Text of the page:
“There was usually a clear winner,” Andrea Mammone, a lecturer in modern European history at Royal Holloway, University of London, told Al Jazeera. “There was a coalition between two forces, and that was all. Now the situation has changed, and claiming entitlement to a candidate on grounds of a few extra votes can be more complex.”
Merkel and Macron at odds
The lead candidate for the EPP is Manfred Weber, a German politician whose candidacy caused a rift on Tuesday in Brussels between German Chancellor Angela Merkel and French President Emmanuel Macron, who does not endorse the lead candidate system.
“Naturally, in a great coalition, I support Manfred Weber – but not all coalition partners do the same,” Merkel told reporters as she arrived at the summit.
But Macron was clearly against Merkel’s choice, and he’s gaining support among other leaders.
“The key for me is for the people at the most sensitive positions to share our project and be the most charismatic, creative and competent possible,” the French president told reporters at the end the talks. “It is important for me to have gender balance, that we name two men and two women,” he added.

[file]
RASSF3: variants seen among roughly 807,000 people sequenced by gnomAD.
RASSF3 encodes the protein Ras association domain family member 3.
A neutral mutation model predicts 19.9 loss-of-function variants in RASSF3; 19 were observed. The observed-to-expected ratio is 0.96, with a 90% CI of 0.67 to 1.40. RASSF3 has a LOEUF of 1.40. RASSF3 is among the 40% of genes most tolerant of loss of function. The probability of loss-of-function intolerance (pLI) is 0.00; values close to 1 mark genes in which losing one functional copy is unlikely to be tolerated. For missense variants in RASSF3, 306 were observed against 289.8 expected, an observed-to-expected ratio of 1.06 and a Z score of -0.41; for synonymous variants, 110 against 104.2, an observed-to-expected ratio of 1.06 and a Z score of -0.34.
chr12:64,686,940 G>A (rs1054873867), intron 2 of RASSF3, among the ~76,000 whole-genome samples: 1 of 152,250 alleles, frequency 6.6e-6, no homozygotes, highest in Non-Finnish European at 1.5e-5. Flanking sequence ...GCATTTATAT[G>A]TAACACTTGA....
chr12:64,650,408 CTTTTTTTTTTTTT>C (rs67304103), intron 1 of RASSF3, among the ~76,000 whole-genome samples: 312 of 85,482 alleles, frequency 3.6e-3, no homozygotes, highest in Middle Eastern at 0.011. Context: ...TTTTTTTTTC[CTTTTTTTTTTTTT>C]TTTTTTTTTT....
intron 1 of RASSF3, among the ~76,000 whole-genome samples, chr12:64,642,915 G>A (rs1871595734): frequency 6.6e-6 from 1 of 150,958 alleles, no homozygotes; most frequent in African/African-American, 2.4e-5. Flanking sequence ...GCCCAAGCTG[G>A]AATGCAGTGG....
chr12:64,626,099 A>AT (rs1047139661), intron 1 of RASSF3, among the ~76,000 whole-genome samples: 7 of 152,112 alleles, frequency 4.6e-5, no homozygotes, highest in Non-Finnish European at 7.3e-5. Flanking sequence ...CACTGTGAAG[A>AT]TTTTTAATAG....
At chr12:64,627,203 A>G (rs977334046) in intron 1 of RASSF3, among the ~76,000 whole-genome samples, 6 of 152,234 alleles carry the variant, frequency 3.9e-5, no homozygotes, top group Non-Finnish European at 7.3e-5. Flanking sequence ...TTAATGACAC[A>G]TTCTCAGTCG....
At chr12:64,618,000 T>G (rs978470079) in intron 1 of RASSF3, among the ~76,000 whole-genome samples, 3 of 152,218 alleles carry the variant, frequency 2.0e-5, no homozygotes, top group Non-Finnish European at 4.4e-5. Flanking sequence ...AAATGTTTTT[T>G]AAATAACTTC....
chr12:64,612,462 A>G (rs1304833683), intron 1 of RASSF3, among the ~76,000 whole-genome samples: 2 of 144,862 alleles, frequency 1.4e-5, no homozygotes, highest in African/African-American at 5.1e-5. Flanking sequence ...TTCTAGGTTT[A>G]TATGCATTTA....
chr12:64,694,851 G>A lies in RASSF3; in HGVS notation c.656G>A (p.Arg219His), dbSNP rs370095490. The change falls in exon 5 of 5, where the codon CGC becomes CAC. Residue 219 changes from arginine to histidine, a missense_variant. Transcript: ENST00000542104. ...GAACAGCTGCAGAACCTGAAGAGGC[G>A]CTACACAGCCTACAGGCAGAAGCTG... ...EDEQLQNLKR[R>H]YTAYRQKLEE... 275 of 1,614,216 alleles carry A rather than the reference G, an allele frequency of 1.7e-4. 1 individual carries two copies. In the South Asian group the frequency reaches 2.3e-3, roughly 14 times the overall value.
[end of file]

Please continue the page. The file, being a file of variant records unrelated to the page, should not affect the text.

The liberal ALDE group won the most extra seats (38) in the new parliament by joining forces with Macron’s Renaissance movement. They are the third-largest group in the European Parliament and are largely seen as the kingmakers for any coalition. The Liberals argue that the procedure of choosing the leading candidates would only make sense if elections worked on the basis of transnational lists, which is currently not possible to set up.
Meanwhile, Frans Timmermans, the lead candidate for the Socialists, has insisted that the various groups must first agree on political priorities, “then we can start playing the Game of Thrones on who gets which job”.
If a candidate is rejected by a majority in the European Parliament, then the European Council has to put forward another candidate within a month’s time – meaning the process could take months. A name might emerge by the time the European Council next convenes on June 20.
The new Commission president will take up the post on November 1. Other top jobs are also up for grabs including the presidency of the European Central Bank and of the European Council.
Far-right self-confident but scrambling